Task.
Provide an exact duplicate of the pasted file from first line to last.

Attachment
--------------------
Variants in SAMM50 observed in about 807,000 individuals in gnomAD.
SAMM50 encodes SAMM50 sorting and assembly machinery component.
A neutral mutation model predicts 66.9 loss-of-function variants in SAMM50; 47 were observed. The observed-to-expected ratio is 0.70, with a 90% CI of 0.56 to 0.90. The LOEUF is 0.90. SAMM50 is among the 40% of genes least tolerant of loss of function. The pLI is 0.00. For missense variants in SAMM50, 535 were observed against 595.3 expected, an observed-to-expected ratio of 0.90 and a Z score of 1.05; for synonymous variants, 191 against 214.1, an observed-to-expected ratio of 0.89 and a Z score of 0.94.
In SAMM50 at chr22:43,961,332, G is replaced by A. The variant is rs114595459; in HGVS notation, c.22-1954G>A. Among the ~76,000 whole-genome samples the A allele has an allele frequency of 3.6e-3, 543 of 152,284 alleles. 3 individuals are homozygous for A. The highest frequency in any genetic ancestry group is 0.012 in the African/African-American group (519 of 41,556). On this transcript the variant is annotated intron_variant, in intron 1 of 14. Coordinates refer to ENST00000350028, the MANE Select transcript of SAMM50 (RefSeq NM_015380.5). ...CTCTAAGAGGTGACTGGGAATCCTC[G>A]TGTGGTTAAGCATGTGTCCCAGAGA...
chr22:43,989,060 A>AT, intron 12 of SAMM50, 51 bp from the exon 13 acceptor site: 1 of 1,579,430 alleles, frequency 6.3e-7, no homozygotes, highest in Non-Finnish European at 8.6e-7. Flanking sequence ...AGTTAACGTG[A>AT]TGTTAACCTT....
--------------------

Variants in SAMM50 observed in about 807,000 individuals in gnomAD.
SAMM50 encodes SAMM50 sorting and assembly machinery component.
A neutral mutation model predicts 66.9 loss-of-function variants in SAMM50; 47 were observed. The observed-to-expected ratio is 0.70, with a 90% CI of 0.56 to 0.90. The LOEUF is 0.90. SAMM50 is among the 40% of genes least tolerant of loss of function. The pLI is 0.00. For missense variants in SAMM50, 535 were observed against 595.3 expected, an observed-to-expected ratio of 0.90 and a Z score of 1.05; for synonymous variants, 191 against 214.1, an observed-to-expected ratio of 0.89 and a Z score of 0.94.
In SAMM50 at chr22:43,961,332, G is replaced by A. The variant is rs114595459; in HGVS notation, c.22-1954G>A. Among the ~76,000 whole-genome samples the A allele has an allele frequency of 3.6e-3, 543 of 152,284 alleles. 3 individuals are homozygous for A. The highest frequency in any genetic ancestry group is 0.012 in the African/African-American group (519 of 41,556). On this transcript the variant is annotated intron_variant, in intron 1 of 14. Coordinates refer to ENST00000350028, the MANE Select transcript of SAMM50 (RefSeq NM_015380.5). ...CTCTAAGAGGTGACTGGGAATCCTC[G>A]TGTGGTTAAGCATGTGTCCCAGAGA...
chr22:43,989,060 A>AT, intron 12 of SAMM50, 51 bp from the exon 13 acceptor site: 1 of 1,579,430 alleles, frequency 6.3e-7, no homozygotes, highest in Non-Finnish European at 8.6e-7. Flanking sequence ...AGTTAACGTG[A>AT]TGTTAACCTT....